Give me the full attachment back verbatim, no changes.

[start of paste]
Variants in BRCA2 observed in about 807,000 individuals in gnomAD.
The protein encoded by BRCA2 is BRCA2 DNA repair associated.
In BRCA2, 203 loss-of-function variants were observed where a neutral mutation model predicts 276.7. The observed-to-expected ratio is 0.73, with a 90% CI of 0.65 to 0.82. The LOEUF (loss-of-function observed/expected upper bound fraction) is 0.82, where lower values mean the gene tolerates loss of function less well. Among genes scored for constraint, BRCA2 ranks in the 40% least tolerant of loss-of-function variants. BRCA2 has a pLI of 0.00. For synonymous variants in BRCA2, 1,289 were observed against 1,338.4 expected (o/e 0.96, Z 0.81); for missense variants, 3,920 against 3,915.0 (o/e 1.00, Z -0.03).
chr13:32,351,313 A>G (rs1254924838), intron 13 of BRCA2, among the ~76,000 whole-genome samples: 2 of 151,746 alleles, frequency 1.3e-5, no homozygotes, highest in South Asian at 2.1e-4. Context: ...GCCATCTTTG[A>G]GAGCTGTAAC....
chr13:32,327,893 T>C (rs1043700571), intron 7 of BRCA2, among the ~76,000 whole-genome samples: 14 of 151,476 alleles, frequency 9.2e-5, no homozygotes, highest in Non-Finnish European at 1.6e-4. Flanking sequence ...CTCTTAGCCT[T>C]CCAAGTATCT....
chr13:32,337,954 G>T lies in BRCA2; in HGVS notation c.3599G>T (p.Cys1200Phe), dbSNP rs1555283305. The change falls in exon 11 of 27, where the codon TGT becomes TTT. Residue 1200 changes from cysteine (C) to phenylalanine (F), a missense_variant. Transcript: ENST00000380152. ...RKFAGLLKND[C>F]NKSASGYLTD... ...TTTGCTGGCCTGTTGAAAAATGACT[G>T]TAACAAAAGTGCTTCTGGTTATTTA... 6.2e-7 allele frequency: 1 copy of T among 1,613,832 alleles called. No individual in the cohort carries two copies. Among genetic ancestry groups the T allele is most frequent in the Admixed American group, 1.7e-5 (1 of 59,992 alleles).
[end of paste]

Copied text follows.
Variants in BRCA2 observed in about 807,000 individuals in gnomAD.
The protein encoded by BRCA2 is BRCA2 DNA repair associated.
In BRCA2, 203 loss-of-function variants were observed where a neutral mutation model predicts 276.7. The observed-to-expected ratio is 0.73, with a 90% CI of 0.65 to 0.82. The LOEUF (loss-of-function observed/expected upper bound fraction) is 0.82, where lower values mean the gene tolerates loss of function less well. Among genes scored for constraint, BRCA2 ranks in the 40% least tolerant of loss-of-function variants. BRCA2 has a pLI of 0.00. For synonymous variants in BRCA2, 1,289 were observed against 1,338.4 expected (o/e 0.96, Z 0.81); for missense variants, 3,920 against 3,915.0 (o/e 1.00, Z -0.03).
chr13:32,351,313 A>G (rs1254924838), intron 13 of BRCA2, among the ~76,000 whole-genome samples: 2 of 151,746 alleles, frequency 1.3e-5, no homozygotes, highest in South Asian at 2.1e-4. Context: ...GCCATCTTTG[A>G]GAGCTGTAAC....
chr13:32,327,893 T>C (rs1043700571), intron 7 of BRCA2, among the ~76,000 whole-genome samples: 14 of 151,476 alleles, frequency 9.2e-5, no homozygotes, highest in Non-Finnish European at 1.6e-4. Flanking sequence ...CTCTTAGCCT[T>C]CCAAGTATCT....
chr13:32,337,954 G>T lies in BRCA2; in HGVS notation c.3599G>T (p.Cys1200Phe), dbSNP rs1555283305. The change falls in exon 11 of 27, where the codon TGT becomes TTT. Residue 1200 changes from cysteine (C) to phenylalanine (F), a missense_variant. Transcript: ENST00000380152. ...RKFAGLLKND[C>F]NKSASGYLTD... ...TTTGCTGGCCTGTTGAAAAATGACT[G>T]TAACAAAAGTGCTTCTGGTTATTTA... 6.2e-7 allele frequency: 1 copy of T among 1,613,832 alleles called. No individual in the cohort carries two copies. Among genetic ancestry groups the T allele is most frequent in the Admixed American group, 1.7e-5 (1 of 59,992 alleles).